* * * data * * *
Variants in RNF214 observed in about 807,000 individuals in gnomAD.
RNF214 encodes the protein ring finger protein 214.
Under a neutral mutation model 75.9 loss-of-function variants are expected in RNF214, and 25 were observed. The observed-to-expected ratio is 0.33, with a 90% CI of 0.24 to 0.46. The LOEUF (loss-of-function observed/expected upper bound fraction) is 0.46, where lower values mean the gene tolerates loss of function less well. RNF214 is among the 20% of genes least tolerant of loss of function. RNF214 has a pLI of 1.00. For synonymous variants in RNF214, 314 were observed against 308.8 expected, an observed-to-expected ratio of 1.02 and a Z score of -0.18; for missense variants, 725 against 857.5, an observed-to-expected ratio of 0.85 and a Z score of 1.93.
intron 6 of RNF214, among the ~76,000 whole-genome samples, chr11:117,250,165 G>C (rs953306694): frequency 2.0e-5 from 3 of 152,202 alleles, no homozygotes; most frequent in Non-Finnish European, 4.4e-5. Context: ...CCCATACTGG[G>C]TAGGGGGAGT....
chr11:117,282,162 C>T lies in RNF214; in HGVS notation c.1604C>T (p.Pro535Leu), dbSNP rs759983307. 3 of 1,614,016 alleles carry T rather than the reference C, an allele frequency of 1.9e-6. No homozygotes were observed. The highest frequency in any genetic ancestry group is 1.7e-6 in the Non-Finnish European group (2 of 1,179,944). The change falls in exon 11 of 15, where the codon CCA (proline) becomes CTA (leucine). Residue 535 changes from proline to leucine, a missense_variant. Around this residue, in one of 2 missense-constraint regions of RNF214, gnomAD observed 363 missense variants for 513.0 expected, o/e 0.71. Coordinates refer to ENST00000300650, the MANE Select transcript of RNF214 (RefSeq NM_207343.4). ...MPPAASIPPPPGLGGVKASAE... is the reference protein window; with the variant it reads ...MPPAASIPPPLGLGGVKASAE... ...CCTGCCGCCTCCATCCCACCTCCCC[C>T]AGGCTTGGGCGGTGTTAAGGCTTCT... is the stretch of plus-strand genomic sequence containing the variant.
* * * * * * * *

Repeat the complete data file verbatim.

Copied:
Variants in RNF214 observed in about 807,000 individuals in gnomAD.
RNF214 encodes the protein ring finger protein 214.
Under a neutral mutation model 75.9 loss-of-function variants are expected in RNF214, and 25 were observed. The observed-to-expected ratio is 0.33, with a 90% CI of 0.24 to 0.46. The LOEUF (loss-of-function observed/expected upper bound fraction) is 0.46, where lower values mean the gene tolerates loss of function less well. RNF214 is among the 20% of genes least tolerant of loss of function. RNF214 has a pLI of 1.00. For synonymous variants in RNF214, 314 were observed against 308.8 expected, an observed-to-expected ratio of 1.02 and a Z score of -0.18; for missense variants, 725 against 857.5, an observed-to-expected ratio of 0.85 and a Z score of 1.93.
intron 6 of RNF214, among the ~76,000 whole-genome samples, chr11:117,250,165 G>C (rs953306694): frequency 2.0e-5 from 3 of 152,202 alleles, no homozygotes; most frequent in Non-Finnish European, 4.4e-5. Context: ...CCCATACTGG[G>C]TAGGGGGAGT....
chr11:117,282,162 C>T lies in RNF214; in HGVS notation c.1604C>T (p.Pro535Leu), dbSNP rs759983307. 3 of 1,614,016 alleles carry T rather than the reference C, an allele frequency of 1.9e-6. No homozygotes were observed. The highest frequency in any genetic ancestry group is 1.7e-6 in the Non-Finnish European group (2 of 1,179,944). The change falls in exon 11 of 15, where the codon CCA (proline) becomes CTA (leucine). Residue 535 changes from proline to leucine, a missense_variant. Around this residue, in one of 2 missense-constraint regions of RNF214, gnomAD observed 363 missense variants for 513.0 expected, o/e 0.71. Coordinates refer to ENST00000300650, the MANE Select transcript of RNF214 (RefSeq NM_207343.4). ...MPPAASIPPPPGLGGVKASAE... is the reference protein window; with the variant it reads ...MPPAASIPPPLGLGGVKASAE... ...CCTGCCGCCTCCATCCCACCTCCCC[C>T]AGGCTTGGGCGGTGTTAAGGCTTCT... is the stretch of plus-strand genomic sequence containing the variant.